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Pricing Strategy: Pricing Inputs Example

This is part 3 of a 5 part series on Pricing Strategy – Part 1.

Now that we know what inputs we should consider in coming up with a pricing strategy for our product, let’s take a look at how that could play out with Doug’s Desserts, a hypothetical company that sells its baked goods online and also has an online subscription service that provides customers with recipes and tips.

Cost of Goods Sold (COGS), Plus a Margin

Doug’s Desserts has a number of costs associated with producing its baked goods, like chocolate chip cookies, that are mailed to customers as well as the online subscription service.

Cost Chocolate Chip Cookies
(per dozen)
Online Subscription Service
(per monthly customer)
Ingredients $0.75
Facility $1.00
Labor $2.00 $0.75
Online hosting $0.25 $0.25
Total $4.00 $1.00

Suppose I want to make a 50% gross margin on each product. Then I would need to sell cookies for $8.00 per dozen and online subscriptions for $2.00 per monthly customer.

Target Revenue Divided by the Number of Expected Customers

At this point in my company’s life, my goal is to have $5,000 in monthly revenue and 1,000 customers each buying at least one dozen chocolate chip cookies per month, so I need to sell cookies for $5.00 per dozen to meet my target. I aim to have $10,000 in monthly revenue from 10,000 customers for my online subscription service, or $1.00 per monthly subscription.

Price of your Competitors

My local Safeway sells 50 chocolate chip cookies for $5.00, or $1.20 per dozen. But, the quality of ingredients and taste of my cookies is vastly superior to Safeway’s, so they are not a true competitor! This online review says that the best store-bought chocolate chip cookies in America are Tate’s, selling 14 cookies for $5.99, or $5.13 per dozen.

Cook’s Illustrated (my favorite place for recipes) sells their standard online membership for $34.95 per year, or $2.91 per monthly customer. But they have an entire test kitchen that they use to test hundreds of versions of each recipe, so their recipes and tips might be better than what I can offer. There are also lots of free options out there that make their money off of advertising.

Value of your Product to your Customers

Buying chocolate chip cookies provides my customers the benefit of saving their time from having to shop, bake, and clean-up, plus the delicious taste and quality of my cookies compared to their own (or my competitors). They have ingredient costs similar to mine, but presumably a little more expensive since I can buy in bulk. Let’s assume my consumers’ ingredients cost 25% more per dozen, or $5.00 per dozen. And let’s assume that each customer bakes two dozen cookies once per month, it takes two hours to shop / bake / clean-up, and that their time is worth $5.00 per hour. That means there is a time savings of $10.00 per two dozen, or $5.00 per dozen. So the total value to the customer is $10.00 per dozen (before considering the superior taste and quality of my cookies).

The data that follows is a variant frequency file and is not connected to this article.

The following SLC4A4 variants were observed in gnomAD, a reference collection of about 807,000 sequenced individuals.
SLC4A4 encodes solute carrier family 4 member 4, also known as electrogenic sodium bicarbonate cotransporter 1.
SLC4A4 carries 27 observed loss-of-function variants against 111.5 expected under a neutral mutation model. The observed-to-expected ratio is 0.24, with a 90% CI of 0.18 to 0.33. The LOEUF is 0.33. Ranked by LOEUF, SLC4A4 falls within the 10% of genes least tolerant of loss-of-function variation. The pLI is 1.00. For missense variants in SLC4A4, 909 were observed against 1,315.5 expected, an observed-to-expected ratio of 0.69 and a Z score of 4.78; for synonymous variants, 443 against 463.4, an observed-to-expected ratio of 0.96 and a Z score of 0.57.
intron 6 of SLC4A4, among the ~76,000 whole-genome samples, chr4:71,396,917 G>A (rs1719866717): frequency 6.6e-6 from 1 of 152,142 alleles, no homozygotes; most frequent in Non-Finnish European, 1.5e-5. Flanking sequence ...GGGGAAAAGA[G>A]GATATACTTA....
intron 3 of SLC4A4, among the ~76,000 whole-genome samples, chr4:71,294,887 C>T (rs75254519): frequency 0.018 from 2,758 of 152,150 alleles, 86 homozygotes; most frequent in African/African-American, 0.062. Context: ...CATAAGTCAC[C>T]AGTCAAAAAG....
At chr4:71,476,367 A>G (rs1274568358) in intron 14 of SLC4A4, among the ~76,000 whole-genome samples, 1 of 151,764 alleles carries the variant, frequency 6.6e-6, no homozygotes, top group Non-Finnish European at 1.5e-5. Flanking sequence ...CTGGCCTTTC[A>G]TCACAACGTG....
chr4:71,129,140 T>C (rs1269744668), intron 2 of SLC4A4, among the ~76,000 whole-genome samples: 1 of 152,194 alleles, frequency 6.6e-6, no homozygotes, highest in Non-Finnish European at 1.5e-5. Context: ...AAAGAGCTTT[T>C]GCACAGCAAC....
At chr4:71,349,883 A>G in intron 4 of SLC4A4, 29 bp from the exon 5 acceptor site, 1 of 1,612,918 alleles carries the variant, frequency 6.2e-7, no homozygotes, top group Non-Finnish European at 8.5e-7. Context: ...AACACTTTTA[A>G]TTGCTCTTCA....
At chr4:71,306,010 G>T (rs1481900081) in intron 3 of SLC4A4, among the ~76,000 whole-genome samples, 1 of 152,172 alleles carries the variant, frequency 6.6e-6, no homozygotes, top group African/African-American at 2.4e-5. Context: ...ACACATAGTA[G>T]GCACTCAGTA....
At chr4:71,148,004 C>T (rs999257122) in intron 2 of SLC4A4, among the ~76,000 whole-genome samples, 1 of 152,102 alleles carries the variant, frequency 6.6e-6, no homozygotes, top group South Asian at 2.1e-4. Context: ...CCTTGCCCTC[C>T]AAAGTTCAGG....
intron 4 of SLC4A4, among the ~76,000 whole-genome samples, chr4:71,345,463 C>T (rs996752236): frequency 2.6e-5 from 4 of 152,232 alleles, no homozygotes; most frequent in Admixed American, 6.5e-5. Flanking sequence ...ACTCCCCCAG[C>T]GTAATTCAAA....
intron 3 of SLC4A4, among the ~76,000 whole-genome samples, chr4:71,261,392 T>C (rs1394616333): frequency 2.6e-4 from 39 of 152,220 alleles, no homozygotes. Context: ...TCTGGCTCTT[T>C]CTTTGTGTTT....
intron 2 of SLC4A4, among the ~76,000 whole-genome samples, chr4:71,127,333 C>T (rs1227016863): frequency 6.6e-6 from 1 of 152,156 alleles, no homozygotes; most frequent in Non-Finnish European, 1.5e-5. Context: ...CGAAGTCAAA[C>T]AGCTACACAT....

The online subscription also saves my customers time. Let’s assume two hours a month are put into meal planning, and my recipes / menus could cut that time in half. At $5.00 per hour, the value to my customer is $5.00 per monthly customer (before considering other benefits like impressing their family and friends with such delicious food).


Pricing Input Chocolate Chip Cookies

(per dozen)

Online Subscription Service

(per monthly customer)

COGS, plus margin $6.00 $1.50
Target revenue $5.00 $1.00
Competitors $5.13 From $0.00 to $2.91
Value $10.00 $5.00


The theoretical value that my products provide my customers outweigh the other inputs, so that gives me a good idea of how much I could potentially charge. But until I’ve sold my product and talked to customers, these values are a little fuzzy.

I’ll price my chocolate chip cookies at $7.00 per dozen, knowing that I’ll have work to do explaining to customers how far superior my product is compared to my competition. I’ll price my online subscription service at $2.00 per monthly customer because I am not sure yet if my value will exceed that of my competitor’s.

This research gives me a good starting point on my pricing. Tomorrow I’ll talk about what you can expect to happen when you change your prices via the concept of the price elasticity of demand.

Recipe of the day: Cook’s Illustrated Perfect Chocolate Chip Cookies (free trial / subscription required; I do not receive any compensation for this link)

The Pricing Strategy – Part 1 series